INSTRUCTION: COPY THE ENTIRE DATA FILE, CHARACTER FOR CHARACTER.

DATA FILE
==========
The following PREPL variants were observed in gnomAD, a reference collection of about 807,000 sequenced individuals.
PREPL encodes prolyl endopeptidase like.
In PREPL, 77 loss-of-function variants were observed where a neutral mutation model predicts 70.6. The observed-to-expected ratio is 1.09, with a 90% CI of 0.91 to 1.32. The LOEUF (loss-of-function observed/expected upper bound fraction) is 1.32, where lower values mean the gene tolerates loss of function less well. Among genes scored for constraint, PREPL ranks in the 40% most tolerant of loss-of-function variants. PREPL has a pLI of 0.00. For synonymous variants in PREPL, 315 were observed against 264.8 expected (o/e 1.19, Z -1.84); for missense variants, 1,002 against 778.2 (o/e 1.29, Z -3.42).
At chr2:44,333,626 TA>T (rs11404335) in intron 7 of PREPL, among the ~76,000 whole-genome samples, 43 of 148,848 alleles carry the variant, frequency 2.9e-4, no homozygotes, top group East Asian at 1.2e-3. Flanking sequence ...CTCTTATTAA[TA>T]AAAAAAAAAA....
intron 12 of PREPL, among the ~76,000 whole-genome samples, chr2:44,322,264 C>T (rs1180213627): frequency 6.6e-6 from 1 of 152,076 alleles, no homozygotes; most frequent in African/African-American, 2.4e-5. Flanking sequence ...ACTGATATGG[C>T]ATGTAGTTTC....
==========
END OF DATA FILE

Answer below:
The following PREPL variants were observed in gnomAD, a reference collection of about 807,000 sequenced individuals.
PREPL encodes prolyl endopeptidase like.
In PREPL, 77 loss-of-function variants were observed where a neutral mutation model predicts 70.6. The observed-to-expected ratio is 1.09, with a 90% CI of 0.91 to 1.32. The LOEUF (loss-of-function observed/expected upper bound fraction) is 1.32, where lower values mean the gene tolerates loss of function less well. Among genes scored for constraint, PREPL ranks in the 40% most tolerant of loss-of-function variants. PREPL has a pLI of 0.00. For synonymous variants in PREPL, 315 were observed against 264.8 expected (o/e 1.19, Z -1.84); for missense variants, 1,002 against 778.2 (o/e 1.29, Z -3.42).
At chr2:44,333,626 TA>T (rs11404335) in intron 7 of PREPL, among the ~76,000 whole-genome samples, 43 of 148,848 alleles carry the variant, frequency 2.9e-4, no homozygotes, top group East Asian at 1.2e-3. Flanking sequence ...CTCTTATTAA[TA>T]AAAAAAAAAA....
intron 12 of PREPL, among the ~76,000 whole-genome samples, chr2:44,322,264 C>T (rs1180213627): frequency 6.6e-6 from 1 of 152,076 alleles, no homozygotes; most frequent in African/African-American, 2.4e-5. Flanking sequence ...ACTGATATGG[C>T]ATGTAGTTTC....